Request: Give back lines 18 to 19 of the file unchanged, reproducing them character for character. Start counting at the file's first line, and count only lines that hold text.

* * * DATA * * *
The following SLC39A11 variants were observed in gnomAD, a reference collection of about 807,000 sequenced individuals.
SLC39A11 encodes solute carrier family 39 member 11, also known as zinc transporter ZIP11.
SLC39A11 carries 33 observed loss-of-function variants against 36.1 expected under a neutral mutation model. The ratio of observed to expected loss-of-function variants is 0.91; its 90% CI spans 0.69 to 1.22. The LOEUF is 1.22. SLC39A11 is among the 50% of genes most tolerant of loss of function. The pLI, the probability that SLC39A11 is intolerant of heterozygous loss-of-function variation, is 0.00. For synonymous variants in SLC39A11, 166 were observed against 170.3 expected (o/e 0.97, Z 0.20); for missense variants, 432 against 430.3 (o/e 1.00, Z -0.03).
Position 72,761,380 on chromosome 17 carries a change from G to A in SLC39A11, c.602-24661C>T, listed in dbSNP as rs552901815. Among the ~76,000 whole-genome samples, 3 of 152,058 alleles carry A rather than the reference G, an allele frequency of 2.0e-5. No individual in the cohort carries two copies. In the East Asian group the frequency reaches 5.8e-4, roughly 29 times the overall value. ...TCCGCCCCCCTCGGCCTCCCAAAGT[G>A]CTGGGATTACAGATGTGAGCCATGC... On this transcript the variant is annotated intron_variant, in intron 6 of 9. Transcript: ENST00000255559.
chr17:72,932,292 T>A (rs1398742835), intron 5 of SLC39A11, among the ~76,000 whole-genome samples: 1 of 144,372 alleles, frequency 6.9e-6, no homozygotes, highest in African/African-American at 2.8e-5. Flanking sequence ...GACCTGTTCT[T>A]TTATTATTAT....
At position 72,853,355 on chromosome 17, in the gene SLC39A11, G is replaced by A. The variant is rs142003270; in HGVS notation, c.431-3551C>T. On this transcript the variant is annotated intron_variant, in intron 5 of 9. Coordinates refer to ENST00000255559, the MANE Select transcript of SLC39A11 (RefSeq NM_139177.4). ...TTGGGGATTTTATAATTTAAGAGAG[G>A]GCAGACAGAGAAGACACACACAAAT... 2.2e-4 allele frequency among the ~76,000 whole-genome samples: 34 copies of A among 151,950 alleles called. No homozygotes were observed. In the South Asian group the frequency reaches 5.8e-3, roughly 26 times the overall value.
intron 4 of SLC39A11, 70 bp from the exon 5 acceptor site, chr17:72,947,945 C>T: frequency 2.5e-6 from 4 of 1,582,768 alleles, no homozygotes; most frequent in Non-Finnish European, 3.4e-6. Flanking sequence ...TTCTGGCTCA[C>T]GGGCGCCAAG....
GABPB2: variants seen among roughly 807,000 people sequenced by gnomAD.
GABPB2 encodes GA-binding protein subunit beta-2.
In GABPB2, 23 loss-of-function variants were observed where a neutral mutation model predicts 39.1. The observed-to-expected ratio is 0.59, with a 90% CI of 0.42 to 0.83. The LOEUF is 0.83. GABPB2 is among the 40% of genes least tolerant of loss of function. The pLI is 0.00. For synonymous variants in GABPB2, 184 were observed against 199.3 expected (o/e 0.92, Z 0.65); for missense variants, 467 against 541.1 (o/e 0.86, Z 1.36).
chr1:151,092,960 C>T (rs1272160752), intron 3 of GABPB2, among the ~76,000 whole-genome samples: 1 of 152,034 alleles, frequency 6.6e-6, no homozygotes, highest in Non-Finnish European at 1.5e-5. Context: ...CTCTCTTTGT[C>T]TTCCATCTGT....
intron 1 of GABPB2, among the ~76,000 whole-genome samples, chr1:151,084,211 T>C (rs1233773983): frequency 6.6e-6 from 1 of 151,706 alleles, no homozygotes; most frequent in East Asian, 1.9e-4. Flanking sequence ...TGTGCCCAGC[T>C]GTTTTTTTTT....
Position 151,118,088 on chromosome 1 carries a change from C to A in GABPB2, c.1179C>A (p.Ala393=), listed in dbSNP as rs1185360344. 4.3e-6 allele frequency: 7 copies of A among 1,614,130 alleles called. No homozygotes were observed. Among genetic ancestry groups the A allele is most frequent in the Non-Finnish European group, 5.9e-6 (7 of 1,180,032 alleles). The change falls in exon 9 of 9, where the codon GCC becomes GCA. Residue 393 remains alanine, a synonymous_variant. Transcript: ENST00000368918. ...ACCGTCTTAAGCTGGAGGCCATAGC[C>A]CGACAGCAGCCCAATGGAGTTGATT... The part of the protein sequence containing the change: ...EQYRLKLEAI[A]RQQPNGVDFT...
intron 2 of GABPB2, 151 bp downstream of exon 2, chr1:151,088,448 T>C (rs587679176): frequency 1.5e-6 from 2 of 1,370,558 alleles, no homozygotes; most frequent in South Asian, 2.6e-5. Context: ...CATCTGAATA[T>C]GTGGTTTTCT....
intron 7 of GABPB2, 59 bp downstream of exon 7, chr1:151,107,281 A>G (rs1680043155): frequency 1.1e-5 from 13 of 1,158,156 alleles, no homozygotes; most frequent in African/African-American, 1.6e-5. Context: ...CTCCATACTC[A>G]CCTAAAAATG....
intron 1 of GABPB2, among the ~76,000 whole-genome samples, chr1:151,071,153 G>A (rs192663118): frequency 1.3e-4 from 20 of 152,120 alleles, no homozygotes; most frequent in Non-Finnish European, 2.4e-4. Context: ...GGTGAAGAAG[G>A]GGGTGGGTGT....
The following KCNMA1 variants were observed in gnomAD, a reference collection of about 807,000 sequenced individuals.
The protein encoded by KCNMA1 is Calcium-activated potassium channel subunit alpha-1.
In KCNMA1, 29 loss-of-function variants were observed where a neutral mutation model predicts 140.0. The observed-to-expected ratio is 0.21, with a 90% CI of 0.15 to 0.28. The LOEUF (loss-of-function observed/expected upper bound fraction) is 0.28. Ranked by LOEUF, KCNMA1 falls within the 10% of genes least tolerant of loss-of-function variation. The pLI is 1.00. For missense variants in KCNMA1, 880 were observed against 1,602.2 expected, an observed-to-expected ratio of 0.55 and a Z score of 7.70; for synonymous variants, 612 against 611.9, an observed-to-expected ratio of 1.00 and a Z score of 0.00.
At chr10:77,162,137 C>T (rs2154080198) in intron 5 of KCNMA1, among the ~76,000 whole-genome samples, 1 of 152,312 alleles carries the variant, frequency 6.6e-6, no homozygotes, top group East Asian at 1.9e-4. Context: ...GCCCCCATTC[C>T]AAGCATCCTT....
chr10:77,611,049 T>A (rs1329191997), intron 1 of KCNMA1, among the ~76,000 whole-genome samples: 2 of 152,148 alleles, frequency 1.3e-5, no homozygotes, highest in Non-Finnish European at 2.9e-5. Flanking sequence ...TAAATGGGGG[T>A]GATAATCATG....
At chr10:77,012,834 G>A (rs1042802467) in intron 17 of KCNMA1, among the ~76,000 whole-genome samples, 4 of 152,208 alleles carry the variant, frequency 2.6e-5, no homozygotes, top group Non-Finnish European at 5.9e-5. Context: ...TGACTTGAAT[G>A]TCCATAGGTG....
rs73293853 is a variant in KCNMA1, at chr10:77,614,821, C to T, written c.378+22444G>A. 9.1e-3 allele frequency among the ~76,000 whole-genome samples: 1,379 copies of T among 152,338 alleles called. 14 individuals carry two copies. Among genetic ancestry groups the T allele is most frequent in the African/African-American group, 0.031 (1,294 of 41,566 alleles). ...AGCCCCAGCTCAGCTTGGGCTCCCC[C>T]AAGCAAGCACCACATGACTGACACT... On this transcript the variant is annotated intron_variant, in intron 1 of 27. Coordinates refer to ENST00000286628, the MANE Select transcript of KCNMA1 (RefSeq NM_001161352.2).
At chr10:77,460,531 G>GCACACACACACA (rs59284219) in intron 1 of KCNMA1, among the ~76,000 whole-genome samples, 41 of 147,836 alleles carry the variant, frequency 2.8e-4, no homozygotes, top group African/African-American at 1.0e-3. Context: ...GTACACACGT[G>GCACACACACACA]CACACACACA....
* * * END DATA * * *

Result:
The protein encoded by KCNMA1 is Calcium-activated potassium channel subunit alpha-1.
In KCNMA1, 29 loss-of-function variants were observed where a neutral mutation model predicts 140.0. The observed-to-expected ratio is 0.21, with a 90% CI of 0.15 to 0.28. The LOEUF (loss-of-function observed/expected upper bound fraction) is 0.28. Ranked by LOEUF, KCNMA1 falls within the 10% of genes least tolerant of loss-of-function variation. The pLI is 1.00. For missense variants in KCNMA1, 880 were observed against 1,602.2 expected, an observed-to-expected ratio of 0.55 and a Z score of 7.70; for synonymous variants, 612 against 611.9, an observed-to-expected ratio of 1.00 and a Z score of 0.00.